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The Independent Critic

Andy Samberg, Danny Trejo, Jennifer Aniston, Jordan Peele, Keegan-Michael Key, Kelsey Grammer, Ty Burrell, Katie Crown, Ike Barinholtz
Doug Sweetland, Nicholas Stoller
Nicholas Stoller
Rated PG
89 Mins.
Warner Brothers

 "Storks" is a Late Summer Forgettable Kiddie Flick 
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When you're sitting in an animated film surrounded by laughing kids obviously enjoying the film, it's pretty hard to sit down and right a review trashing the film.

It just ain't right, ya' know?

Despite an overly and unnecessarily plot heavy script from Nicholas Stoller (The Muppets, Sex Tape), Storks is a late summer entry that is clearly seen as a lesser flick or it would have been released among this year's more family friendly mid-summer calendar or saved for the awards season rush.

Trust me, Storks isn't going to be mentioned come awards season.

Storks is harmless enough. Junior, voiced by Andy Samberg, is a highly principled stork who doesn't deliver babies because, well, storks got out of that business years ago and now spend most of their time delivering for the behemoth Of course, there's actually more to the story - the storks found themselves in a bit of a controversy nearly 20 years ago when a stork became overly attached to a baby they were delivering, a baby we will know as Tulip (Katie Crown), now 18-years-old and a rather inept employee of said behemoth helmed by Hunter (Kelsey Grammer). Fed up with her ineptness, Hunter instructs Junior to can her, but the relentlessly nice Junior hesitates and before he can get around to it she accidentally pushes the start button on the company's long dormant babymaking machine.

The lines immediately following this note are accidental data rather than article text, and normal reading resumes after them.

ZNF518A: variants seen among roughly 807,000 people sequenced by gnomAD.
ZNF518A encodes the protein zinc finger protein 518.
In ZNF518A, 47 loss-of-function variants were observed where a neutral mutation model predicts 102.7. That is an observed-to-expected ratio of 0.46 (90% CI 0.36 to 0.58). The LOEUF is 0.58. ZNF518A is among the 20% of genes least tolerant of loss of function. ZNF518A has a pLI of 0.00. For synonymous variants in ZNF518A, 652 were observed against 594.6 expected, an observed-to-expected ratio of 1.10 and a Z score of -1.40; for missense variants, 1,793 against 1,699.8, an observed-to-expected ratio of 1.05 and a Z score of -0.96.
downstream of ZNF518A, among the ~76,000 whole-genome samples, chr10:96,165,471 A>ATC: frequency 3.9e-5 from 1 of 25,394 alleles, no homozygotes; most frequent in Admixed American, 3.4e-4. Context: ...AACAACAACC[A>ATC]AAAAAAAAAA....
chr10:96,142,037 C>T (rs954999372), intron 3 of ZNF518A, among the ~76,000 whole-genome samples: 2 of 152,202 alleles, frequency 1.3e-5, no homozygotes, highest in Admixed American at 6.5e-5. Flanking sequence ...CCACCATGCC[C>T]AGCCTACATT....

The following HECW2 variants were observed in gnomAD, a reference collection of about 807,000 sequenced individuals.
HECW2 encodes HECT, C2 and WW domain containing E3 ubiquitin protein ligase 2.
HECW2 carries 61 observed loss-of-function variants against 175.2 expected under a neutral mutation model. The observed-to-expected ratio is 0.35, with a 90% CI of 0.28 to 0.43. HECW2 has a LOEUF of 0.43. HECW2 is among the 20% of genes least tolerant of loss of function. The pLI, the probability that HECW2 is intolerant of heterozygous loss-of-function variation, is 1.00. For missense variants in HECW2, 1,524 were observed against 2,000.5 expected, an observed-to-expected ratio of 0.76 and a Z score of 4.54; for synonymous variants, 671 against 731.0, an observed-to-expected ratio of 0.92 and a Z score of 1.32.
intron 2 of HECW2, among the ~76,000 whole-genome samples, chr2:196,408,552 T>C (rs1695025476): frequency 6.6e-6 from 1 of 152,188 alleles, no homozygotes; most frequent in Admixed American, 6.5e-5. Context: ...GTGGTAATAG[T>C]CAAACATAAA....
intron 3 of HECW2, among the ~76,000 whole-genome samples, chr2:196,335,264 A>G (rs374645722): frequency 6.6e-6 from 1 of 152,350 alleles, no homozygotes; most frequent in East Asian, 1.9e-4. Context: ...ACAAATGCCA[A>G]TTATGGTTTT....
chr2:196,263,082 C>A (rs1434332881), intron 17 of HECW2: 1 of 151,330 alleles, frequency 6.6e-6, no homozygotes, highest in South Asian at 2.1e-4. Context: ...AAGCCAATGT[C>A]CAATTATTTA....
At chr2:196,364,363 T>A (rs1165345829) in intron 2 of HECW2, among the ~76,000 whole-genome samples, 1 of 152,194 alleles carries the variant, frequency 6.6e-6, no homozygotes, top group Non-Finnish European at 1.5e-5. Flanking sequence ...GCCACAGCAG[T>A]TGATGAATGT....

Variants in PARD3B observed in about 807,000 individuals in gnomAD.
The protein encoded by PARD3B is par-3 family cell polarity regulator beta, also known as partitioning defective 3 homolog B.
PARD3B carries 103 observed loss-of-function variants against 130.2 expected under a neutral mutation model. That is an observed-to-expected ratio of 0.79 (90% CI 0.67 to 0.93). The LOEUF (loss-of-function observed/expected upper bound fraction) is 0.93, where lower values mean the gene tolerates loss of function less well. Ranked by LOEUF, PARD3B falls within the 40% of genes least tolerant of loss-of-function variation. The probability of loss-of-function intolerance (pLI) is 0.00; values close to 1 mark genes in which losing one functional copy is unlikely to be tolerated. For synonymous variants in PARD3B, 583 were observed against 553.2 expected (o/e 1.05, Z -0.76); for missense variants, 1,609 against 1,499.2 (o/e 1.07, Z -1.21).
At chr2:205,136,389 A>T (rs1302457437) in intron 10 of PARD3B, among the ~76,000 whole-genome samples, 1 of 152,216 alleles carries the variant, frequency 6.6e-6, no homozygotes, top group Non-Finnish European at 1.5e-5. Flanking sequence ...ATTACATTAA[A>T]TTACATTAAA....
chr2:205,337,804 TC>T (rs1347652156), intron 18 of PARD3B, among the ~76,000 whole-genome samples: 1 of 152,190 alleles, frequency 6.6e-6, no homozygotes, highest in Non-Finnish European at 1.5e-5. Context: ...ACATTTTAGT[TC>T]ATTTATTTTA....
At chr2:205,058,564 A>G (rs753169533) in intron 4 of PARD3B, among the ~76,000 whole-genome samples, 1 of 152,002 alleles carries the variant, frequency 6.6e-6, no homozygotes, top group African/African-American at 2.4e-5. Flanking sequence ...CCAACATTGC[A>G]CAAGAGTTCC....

Um, yeah. Try explaining that one to your kids.

Before long, the machine pops out a baby intended as the new baby sister for Nate (Anton Starkman), a lonely kid whose parents (Ty Burrell and Jennifer Aniston) aren't exactly the most attentive folks around. The task for Junior and Tulip becomes how to arrange for delivery of a product long since left behind, a task that involves a pair of mighty funny wolves, Alpha (Keegan Michael-Key) and Beta (Jordan Peele), whom you might think are going to eat the baby ("Don't eat the baby!," I say in my inevitable "South Park" voice) but who show a side of themselves we might not expect.

Most of what unfolds in Storks you will likely expect. Tulip is an interesting creation of a character, never particularly compelling and lacking all the charm and wonder of, let's just say, a Buddy the Elf type of character.

Storks isn't a bad film, but neither is it a particularly entertaining or memorable one. While there will be kids who will enjoy it, as evidenced by the googly-eyed kiddos that surrounded me as I watched the film, this is one for the adults to tolerate and the kids to likely forget by the end of the day.

© Written by Richard Propes
The Independent Critic